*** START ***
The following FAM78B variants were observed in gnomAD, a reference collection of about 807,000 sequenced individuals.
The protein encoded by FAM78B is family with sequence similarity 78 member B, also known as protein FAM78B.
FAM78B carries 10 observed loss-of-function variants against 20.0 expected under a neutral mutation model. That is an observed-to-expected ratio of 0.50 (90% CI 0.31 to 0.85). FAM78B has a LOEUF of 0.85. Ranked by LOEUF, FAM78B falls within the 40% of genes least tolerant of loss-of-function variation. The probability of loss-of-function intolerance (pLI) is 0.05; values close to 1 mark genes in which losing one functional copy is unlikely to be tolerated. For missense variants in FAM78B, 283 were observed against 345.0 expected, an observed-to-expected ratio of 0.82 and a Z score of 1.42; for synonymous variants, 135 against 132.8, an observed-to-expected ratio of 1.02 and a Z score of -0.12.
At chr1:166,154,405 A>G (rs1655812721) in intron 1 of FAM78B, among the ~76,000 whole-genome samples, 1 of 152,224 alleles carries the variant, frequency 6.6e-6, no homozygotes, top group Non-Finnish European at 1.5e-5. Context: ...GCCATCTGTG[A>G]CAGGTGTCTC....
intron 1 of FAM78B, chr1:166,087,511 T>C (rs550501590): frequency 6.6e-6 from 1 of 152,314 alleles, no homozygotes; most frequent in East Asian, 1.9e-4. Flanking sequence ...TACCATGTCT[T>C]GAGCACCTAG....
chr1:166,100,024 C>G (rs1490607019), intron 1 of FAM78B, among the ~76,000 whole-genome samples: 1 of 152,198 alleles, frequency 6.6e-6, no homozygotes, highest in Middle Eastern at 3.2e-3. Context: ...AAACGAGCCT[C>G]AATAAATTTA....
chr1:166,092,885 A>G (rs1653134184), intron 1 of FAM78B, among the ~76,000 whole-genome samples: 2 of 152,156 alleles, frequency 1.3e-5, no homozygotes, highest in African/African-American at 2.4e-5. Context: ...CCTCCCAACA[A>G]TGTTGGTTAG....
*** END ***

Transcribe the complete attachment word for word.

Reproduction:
The following FAM78B variants were observed in gnomAD, a reference collection of about 807,000 sequenced individuals.
The protein encoded by FAM78B is family with sequence similarity 78 member B, also known as protein FAM78B.
FAM78B carries 10 observed loss-of-function variants against 20.0 expected under a neutral mutation model. That is an observed-to-expected ratio of 0.50 (90% CI 0.31 to 0.85). FAM78B has a LOEUF of 0.85. Ranked by LOEUF, FAM78B falls within the 40% of genes least tolerant of loss-of-function variation. The probability of loss-of-function intolerance (pLI) is 0.05; values close to 1 mark genes in which losing one functional copy is unlikely to be tolerated. For missense variants in FAM78B, 283 were observed against 345.0 expected, an observed-to-expected ratio of 0.82 and a Z score of 1.42; for synonymous variants, 135 against 132.8, an observed-to-expected ratio of 1.02 and a Z score of -0.12.
At chr1:166,154,405 A>G (rs1655812721) in intron 1 of FAM78B, among the ~76,000 whole-genome samples, 1 of 152,224 alleles carries the variant, frequency 6.6e-6, no homozygotes, top group Non-Finnish European at 1.5e-5. Context: ...GCCATCTGTG[A>G]CAGGTGTCTC....
intron 1 of FAM78B, chr1:166,087,511 T>C (rs550501590): frequency 6.6e-6 from 1 of 152,314 alleles, no homozygotes; most frequent in East Asian, 1.9e-4. Flanking sequence ...TACCATGTCT[T>C]GAGCACCTAG....
chr1:166,100,024 C>G (rs1490607019), intron 1 of FAM78B, among the ~76,000 whole-genome samples: 1 of 152,198 alleles, frequency 6.6e-6, no homozygotes, highest in Middle Eastern at 3.2e-3. Context: ...AAACGAGCCT[C>G]AATAAATTTA....
chr1:166,092,885 A>G (rs1653134184), intron 1 of FAM78B, among the ~76,000 whole-genome samples: 2 of 152,156 alleles, frequency 1.3e-5, no homozygotes, highest in African/African-American at 2.4e-5. Context: ...CCTCCCAACA[A>G]TGTTGGTTAG....